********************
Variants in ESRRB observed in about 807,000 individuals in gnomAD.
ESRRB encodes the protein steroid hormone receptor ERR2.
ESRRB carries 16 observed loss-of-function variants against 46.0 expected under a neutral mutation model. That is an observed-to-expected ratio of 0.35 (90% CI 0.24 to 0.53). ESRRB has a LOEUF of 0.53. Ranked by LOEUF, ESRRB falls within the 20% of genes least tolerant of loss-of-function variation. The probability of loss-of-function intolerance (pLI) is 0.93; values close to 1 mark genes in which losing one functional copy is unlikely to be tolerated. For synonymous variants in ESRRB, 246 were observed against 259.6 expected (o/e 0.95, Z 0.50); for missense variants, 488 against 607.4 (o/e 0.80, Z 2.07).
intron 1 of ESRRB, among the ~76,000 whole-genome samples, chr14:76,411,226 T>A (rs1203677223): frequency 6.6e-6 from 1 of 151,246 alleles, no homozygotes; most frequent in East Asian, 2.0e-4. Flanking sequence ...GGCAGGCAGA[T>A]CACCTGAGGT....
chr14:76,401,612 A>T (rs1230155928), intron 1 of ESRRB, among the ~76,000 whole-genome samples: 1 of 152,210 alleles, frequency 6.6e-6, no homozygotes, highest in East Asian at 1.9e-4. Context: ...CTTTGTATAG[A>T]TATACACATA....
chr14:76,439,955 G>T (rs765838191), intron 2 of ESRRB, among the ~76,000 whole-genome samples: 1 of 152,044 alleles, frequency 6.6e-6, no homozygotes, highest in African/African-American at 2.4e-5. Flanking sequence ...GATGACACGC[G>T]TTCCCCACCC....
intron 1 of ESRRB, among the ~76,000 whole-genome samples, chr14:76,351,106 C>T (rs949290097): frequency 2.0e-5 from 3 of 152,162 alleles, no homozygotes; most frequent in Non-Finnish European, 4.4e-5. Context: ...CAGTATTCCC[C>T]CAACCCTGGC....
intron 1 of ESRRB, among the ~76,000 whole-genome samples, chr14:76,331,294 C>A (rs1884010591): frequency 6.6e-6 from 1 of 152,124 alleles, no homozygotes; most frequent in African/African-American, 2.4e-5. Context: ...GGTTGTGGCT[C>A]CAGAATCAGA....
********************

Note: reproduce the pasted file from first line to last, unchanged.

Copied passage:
Variants in ESRRB observed in about 807,000 individuals in gnomAD.
ESRRB encodes the protein steroid hormone receptor ERR2.
ESRRB carries 16 observed loss-of-function variants against 46.0 expected under a neutral mutation model. That is an observed-to-expected ratio of 0.35 (90% CI 0.24 to 0.53). ESRRB has a LOEUF of 0.53. Ranked by LOEUF, ESRRB falls within the 20% of genes least tolerant of loss-of-function variation. The probability of loss-of-function intolerance (pLI) is 0.93; values close to 1 mark genes in which losing one functional copy is unlikely to be tolerated. For synonymous variants in ESRRB, 246 were observed against 259.6 expected (o/e 0.95, Z 0.50); for missense variants, 488 against 607.4 (o/e 0.80, Z 2.07).
intron 1 of ESRRB, among the ~76,000 whole-genome samples, chr14:76,411,226 T>A (rs1203677223): frequency 6.6e-6 from 1 of 151,246 alleles, no homozygotes; most frequent in East Asian, 2.0e-4. Flanking sequence ...GGCAGGCAGA[T>A]CACCTGAGGT....
chr14:76,401,612 A>T (rs1230155928), intron 1 of ESRRB, among the ~76,000 whole-genome samples: 1 of 152,210 alleles, frequency 6.6e-6, no homozygotes, highest in East Asian at 1.9e-4. Context: ...CTTTGTATAG[A>T]TATACACATA....
chr14:76,439,955 G>T (rs765838191), intron 2 of ESRRB, among the ~76,000 whole-genome samples: 1 of 152,044 alleles, frequency 6.6e-6, no homozygotes, highest in African/African-American at 2.4e-5. Flanking sequence ...GATGACACGC[G>T]TTCCCCACCC....
intron 1 of ESRRB, among the ~76,000 whole-genome samples, chr14:76,351,106 C>T (rs949290097): frequency 2.0e-5 from 3 of 152,162 alleles, no homozygotes; most frequent in Non-Finnish European, 4.4e-5. Context: ...CAGTATTCCC[C>T]CAACCCTGGC....
intron 1 of ESRRB, among the ~76,000 whole-genome samples, chr14:76,331,294 C>A (rs1884010591): frequency 6.6e-6 from 1 of 152,124 alleles, no homozygotes; most frequent in African/African-American, 2.4e-5. Context: ...GGTTGTGGCT[C>A]CAGAATCAGA....